The site of origin of the quadrats labia superiors muscle is near the orbital margin. The posteroinferior or zygotic border provides attachment on its rough edge to the masseter muscle.
The skull bones of an infant are more resilient compared to an adult because they are separated by fibrous cultural ligaments. The type of skull bone fracture largely depends on the location and intensity of the trauma as well as the age of the patient.
The adult skull can be compared to an eggshell with limited strength and resilience beyond which it breaks. In a young child, the skull can be compared to a table tennis ball where a blow creates a depression without causing a break in the bone.
Falls, fist fights, and motor vehicle accidents are the most common causes of facial fractures. Signs of fracture of the facial bones include deformity, ocular/orbital displacement, abnormal movements accompanied by cracking or rattling sounds, and malocclusion of the teeth.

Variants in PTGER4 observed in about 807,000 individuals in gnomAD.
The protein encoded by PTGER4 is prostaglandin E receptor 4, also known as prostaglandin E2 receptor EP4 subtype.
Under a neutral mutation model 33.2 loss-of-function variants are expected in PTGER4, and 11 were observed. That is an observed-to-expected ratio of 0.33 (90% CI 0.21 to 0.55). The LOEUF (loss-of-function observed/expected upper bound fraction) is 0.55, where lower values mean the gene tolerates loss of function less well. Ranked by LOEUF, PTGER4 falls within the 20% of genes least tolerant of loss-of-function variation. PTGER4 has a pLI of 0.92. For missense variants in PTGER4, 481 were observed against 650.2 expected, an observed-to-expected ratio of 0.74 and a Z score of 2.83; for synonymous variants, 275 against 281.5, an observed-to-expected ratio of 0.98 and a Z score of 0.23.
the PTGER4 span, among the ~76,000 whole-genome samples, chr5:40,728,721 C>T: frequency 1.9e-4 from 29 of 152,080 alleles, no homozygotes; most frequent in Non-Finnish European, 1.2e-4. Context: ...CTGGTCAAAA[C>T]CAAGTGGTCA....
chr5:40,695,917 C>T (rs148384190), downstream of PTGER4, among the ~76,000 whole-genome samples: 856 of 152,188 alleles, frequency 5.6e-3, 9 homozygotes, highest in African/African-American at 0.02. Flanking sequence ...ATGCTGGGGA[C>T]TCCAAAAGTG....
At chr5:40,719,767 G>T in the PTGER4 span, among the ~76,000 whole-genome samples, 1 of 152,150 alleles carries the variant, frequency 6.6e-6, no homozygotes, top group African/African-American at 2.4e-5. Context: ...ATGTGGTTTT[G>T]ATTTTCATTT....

This type of trauma can result in an isolated fracture, such as from the impact of a clenched fist. However, it can also occur in conjunction with other fractures of the face, usually as a result of MVA's or other high-impact injuries.
Moderate force can cause slightly displaced or non-displaced fractures at the suture lines. More forceful trauma usually results in displacement of the zygote inferior, medially, or posteriorly.
Bottom: Areas of the Zygotic Bone that are Commonly Fractured (© Osborne Head & Neck Institute). This type of comminuted fracture that results in separation at the suture lines usually occurs during high-impact motor vehicle accidents or explosions.